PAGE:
Volunteer Spotlight: Beth

"If you would like to see two very different aspects of Cambodia then I would highly recommend doing both projects"

British volunteer Beth Pedersen completed a stint at two Globalteer projects in Cambodia. She started with 2 weeks at the Cambodia Elephant Sanctuary in undeveloped Northeastern Cambodia, followed by 8 weeks in a school at the Cambodia Community Project in Siem Reap.

Despite being used to London life Beth adapted instantly to both projects, making great friends to travel with between the two projects and getting enough local knowledge to explore even more of Cambodia once her placements ended.
When questioned on her experience after volunteering at two projects Beth said,

“They were so different to each other that I got to explore two completely varied ways of life in Cambodia. It also made the trip seem longer (in a good way) due to the contrast between them. I feel so privileged that I got to experience both.”

Getting from A to B

The projects are located in two different parts of the country but Beth explained how simple transport arrangements were:

“I hadn’t sorted how I was going to get from one project to the other until I arrived, but it was pretty easy. The elephant project provides a bus back to Phnom Penh so I took that and then booked a bus onto Siem Reap. I had a couple of days between the two projects so I stayed in Phnom Penh and visited the Killing Fields and the old Khmer Rouge Prison, S21 – which certainly added another dimension to the trip.”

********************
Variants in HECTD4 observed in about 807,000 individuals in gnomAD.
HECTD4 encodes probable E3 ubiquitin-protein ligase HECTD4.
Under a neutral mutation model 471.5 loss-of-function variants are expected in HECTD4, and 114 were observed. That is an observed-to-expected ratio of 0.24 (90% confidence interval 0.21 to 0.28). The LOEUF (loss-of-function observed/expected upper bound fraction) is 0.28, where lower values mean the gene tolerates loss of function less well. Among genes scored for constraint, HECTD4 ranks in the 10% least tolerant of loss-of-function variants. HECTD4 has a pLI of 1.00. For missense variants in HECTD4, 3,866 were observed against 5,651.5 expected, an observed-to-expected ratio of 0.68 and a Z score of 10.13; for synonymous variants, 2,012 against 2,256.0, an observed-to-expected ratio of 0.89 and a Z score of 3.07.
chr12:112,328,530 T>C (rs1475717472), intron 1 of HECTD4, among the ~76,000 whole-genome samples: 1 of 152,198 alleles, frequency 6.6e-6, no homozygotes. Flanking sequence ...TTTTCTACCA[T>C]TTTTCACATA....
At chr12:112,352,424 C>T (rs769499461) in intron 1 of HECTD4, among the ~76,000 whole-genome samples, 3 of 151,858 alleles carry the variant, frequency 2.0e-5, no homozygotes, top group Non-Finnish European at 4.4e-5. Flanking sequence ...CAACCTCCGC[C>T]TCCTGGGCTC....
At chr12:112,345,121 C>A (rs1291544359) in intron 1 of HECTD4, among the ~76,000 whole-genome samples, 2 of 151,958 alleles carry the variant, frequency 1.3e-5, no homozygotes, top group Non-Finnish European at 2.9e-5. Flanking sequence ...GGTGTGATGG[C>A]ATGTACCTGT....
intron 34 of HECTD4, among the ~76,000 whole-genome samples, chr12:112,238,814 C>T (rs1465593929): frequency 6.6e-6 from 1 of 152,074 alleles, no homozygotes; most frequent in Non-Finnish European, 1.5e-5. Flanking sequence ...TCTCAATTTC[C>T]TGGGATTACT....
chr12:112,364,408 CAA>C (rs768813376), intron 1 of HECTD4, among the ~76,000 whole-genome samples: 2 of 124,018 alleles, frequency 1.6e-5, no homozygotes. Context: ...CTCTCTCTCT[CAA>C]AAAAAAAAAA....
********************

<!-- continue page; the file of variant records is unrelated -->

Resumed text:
Beth says that comparing the two projects was difficult as they were both so unique, “Being out in the middle of nowhere at the Cambodia Elephant Sanctuary, experiencing the rural side to Cambodia was a real highlight; and of course being with the elephants. It was fantastic to watch them day to day and the absolute highlight was bathing them – I never tired of that.

At the Cambodia Community Project, getting to know the locals – both the children and teachers - was a real privilege and an insight. Also, learning to communicate with the students, who did not speak great English, and still being able to engage with them and help them learn – in fact more than that, helping the to enjoy learning - was another real highlight.”

And as for advice for potential volunteers unsure about which projects to go with, Beth says

“If you would like to see two very different aspects of Cambodia then I would highly recommend doing both projects. I felt I experienced two great perspectives of this fascinating country.”

For more information on volunteer opportunities at the Cambodia elephant sanctuary please go to our Volunteer Cambodia Elephant Sanctuary pages